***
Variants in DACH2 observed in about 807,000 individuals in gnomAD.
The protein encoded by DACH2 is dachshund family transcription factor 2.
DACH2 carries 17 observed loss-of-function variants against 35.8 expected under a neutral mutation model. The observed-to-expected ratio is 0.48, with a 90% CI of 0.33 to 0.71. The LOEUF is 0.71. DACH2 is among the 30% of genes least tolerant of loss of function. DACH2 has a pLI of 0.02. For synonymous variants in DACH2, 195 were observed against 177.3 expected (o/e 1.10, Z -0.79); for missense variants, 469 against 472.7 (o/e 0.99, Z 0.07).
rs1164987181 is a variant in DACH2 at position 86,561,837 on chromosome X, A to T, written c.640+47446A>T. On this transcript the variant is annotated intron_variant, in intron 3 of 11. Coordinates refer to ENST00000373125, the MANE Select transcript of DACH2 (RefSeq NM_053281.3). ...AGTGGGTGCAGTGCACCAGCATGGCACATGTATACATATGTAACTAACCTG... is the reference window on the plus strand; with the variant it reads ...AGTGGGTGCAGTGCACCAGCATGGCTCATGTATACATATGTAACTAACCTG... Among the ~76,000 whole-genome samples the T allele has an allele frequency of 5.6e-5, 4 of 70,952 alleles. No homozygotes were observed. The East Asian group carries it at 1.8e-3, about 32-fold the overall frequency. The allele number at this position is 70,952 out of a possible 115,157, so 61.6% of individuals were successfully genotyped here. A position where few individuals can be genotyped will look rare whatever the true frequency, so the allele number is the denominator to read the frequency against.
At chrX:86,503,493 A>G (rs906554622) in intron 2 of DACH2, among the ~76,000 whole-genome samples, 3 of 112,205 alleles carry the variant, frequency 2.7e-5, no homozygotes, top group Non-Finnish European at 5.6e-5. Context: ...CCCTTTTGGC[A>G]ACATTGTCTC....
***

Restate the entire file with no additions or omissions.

Variants in DACH2 observed in about 807,000 individuals in gnomAD.
The protein encoded by DACH2 is dachshund family transcription factor 2.
DACH2 carries 17 observed loss-of-function variants against 35.8 expected under a neutral mutation model. The observed-to-expected ratio is 0.48, with a 90% CI of 0.33 to 0.71. The LOEUF is 0.71. DACH2 is among the 30% of genes least tolerant of loss of function. DACH2 has a pLI of 0.02. For synonymous variants in DACH2, 195 were observed against 177.3 expected (o/e 1.10, Z -0.79); for missense variants, 469 against 472.7 (o/e 0.99, Z 0.07).
rs1164987181 is a variant in DACH2 at position 86,561,837 on chromosome X, A to T, written c.640+47446A>T. On this transcript the variant is annotated intron_variant, in intron 3 of 11. Coordinates refer to ENST00000373125, the MANE Select transcript of DACH2 (RefSeq NM_053281.3). ...AGTGGGTGCAGTGCACCAGCATGGCACATGTATACATATGTAACTAACCTG... is the reference window on the plus strand; with the variant it reads ...AGTGGGTGCAGTGCACCAGCATGGCTCATGTATACATATGTAACTAACCTG... Among the ~76,000 whole-genome samples the T allele has an allele frequency of 5.6e-5, 4 of 70,952 alleles. No homozygotes were observed. The East Asian group carries it at 1.8e-3, about 32-fold the overall frequency. The allele number at this position is 70,952 out of a possible 115,157, so 61.6% of individuals were successfully genotyped here. A position where few individuals can be genotyped will look rare whatever the true frequency, so the allele number is the denominator to read the frequency against.
At chrX:86,503,493 A>G (rs906554622) in intron 2 of DACH2, among the ~76,000 whole-genome samples, 3 of 112,205 alleles carry the variant, frequency 2.7e-5, no homozygotes, top group Non-Finnish European at 5.6e-5. Context: ...CCCTTTTGGC[A>G]ACATTGTCTC....